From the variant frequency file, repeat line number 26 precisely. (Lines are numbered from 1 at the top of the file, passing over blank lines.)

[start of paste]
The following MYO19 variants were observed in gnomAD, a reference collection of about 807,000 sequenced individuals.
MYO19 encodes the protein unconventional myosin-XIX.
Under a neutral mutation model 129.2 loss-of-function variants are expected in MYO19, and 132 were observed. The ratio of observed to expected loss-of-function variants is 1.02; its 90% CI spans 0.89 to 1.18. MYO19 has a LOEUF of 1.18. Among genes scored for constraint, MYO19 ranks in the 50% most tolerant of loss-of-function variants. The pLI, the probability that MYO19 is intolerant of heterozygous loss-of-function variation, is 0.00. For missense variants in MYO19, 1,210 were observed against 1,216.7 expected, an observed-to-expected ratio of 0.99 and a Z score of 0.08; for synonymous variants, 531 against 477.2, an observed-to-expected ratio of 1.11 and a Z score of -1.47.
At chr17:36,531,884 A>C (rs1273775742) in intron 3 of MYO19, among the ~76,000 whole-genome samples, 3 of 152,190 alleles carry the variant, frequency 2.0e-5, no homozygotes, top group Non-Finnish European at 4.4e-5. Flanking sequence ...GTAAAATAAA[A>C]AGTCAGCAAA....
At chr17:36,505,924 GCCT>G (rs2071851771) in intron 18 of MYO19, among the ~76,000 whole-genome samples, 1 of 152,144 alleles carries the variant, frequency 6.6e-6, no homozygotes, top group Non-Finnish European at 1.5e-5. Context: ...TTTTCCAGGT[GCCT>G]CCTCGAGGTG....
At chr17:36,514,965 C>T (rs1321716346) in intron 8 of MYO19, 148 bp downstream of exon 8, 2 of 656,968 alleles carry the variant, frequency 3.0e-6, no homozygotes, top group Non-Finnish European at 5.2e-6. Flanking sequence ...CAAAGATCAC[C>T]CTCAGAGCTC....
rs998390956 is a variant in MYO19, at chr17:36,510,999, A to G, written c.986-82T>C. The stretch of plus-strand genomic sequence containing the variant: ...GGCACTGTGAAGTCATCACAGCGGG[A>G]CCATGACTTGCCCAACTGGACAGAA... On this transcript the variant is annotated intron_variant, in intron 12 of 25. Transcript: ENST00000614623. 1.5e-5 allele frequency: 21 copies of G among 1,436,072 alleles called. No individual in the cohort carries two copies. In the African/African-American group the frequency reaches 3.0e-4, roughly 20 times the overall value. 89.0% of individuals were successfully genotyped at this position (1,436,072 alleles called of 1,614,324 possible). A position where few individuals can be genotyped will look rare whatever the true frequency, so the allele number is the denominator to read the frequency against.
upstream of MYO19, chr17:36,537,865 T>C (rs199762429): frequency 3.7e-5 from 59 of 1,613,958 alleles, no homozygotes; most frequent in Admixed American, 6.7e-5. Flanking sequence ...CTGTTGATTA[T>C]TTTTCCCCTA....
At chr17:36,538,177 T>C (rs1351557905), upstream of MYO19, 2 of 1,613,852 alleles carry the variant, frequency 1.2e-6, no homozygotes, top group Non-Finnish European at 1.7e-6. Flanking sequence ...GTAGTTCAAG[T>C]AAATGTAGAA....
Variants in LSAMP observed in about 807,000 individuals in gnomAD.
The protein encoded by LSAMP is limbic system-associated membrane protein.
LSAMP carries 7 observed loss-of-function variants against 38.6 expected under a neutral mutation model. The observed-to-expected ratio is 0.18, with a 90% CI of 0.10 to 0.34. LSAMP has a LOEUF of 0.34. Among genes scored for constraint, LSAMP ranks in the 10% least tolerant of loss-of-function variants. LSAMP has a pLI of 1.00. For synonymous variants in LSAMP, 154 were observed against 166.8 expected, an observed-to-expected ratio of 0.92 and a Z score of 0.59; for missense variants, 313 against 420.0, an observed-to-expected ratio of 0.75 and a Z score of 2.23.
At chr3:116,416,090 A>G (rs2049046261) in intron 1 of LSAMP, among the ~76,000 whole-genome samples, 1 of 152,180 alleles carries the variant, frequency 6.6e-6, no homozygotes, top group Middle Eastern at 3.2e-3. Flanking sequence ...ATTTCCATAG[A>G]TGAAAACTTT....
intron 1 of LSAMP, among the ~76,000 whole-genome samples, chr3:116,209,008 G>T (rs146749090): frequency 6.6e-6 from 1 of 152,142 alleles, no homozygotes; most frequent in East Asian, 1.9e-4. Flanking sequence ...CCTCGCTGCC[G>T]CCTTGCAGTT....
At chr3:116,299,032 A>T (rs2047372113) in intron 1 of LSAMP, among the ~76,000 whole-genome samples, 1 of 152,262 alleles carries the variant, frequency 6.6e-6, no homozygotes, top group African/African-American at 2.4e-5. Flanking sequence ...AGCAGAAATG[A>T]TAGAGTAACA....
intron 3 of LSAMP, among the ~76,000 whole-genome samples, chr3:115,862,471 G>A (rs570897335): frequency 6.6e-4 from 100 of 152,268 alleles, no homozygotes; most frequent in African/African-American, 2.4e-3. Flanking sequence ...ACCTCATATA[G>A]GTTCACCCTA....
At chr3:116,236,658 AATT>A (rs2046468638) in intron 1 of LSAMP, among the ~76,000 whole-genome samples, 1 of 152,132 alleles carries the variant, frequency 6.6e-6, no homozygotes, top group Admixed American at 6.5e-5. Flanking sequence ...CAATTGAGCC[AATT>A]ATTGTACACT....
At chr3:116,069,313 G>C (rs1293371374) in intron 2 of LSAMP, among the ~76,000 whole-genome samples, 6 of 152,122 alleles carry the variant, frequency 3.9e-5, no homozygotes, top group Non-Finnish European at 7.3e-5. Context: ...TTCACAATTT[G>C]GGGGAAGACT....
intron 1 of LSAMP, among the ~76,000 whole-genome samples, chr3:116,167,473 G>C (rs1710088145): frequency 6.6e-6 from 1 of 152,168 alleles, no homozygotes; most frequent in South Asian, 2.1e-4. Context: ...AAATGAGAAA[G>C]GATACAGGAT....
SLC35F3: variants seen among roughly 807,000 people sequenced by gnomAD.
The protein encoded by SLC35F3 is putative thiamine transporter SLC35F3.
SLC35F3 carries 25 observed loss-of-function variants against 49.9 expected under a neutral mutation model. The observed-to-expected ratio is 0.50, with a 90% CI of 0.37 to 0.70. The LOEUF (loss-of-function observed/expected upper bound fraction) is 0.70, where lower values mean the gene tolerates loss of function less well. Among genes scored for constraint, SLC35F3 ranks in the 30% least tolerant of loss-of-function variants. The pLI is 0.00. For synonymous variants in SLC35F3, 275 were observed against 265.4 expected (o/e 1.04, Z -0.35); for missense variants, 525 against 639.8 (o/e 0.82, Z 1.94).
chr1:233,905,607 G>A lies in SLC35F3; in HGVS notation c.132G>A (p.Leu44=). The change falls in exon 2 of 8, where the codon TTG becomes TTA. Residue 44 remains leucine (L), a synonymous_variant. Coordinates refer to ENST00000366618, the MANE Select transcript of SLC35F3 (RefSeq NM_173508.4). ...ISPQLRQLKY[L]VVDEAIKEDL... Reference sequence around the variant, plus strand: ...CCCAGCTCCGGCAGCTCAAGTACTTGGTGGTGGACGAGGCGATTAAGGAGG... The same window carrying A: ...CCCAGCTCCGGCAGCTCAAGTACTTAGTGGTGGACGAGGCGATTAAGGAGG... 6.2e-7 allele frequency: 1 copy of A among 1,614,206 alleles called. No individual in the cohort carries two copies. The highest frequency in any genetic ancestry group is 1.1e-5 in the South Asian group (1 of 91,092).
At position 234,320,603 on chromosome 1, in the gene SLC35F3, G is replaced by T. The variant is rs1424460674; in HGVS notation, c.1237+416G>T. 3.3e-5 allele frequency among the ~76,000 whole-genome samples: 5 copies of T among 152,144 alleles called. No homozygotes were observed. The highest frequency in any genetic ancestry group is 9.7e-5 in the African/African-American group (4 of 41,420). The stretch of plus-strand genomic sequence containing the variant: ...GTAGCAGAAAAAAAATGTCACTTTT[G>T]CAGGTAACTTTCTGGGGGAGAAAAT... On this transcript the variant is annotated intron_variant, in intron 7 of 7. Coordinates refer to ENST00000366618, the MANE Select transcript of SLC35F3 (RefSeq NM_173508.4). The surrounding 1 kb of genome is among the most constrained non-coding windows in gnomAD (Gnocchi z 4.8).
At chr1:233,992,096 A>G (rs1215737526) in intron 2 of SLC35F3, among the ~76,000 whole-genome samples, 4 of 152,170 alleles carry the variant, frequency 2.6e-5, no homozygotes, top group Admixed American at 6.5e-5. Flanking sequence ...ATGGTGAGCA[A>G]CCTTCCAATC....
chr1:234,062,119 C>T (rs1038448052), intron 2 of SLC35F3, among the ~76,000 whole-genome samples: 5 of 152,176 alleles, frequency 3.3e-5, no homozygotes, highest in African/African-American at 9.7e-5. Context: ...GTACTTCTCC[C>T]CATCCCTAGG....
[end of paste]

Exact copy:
chr1:234,062,119 C>T (rs1038448052), intron 2 of SLC35F3, among the ~76,000 whole-genome samples: 5 of 152,176 alleles, frequency 3.3e-5, no homozygotes, highest in African/African-American at 9.7e-5. Context: ...GTACTTCTCC[C>T]CATCCCTAGG....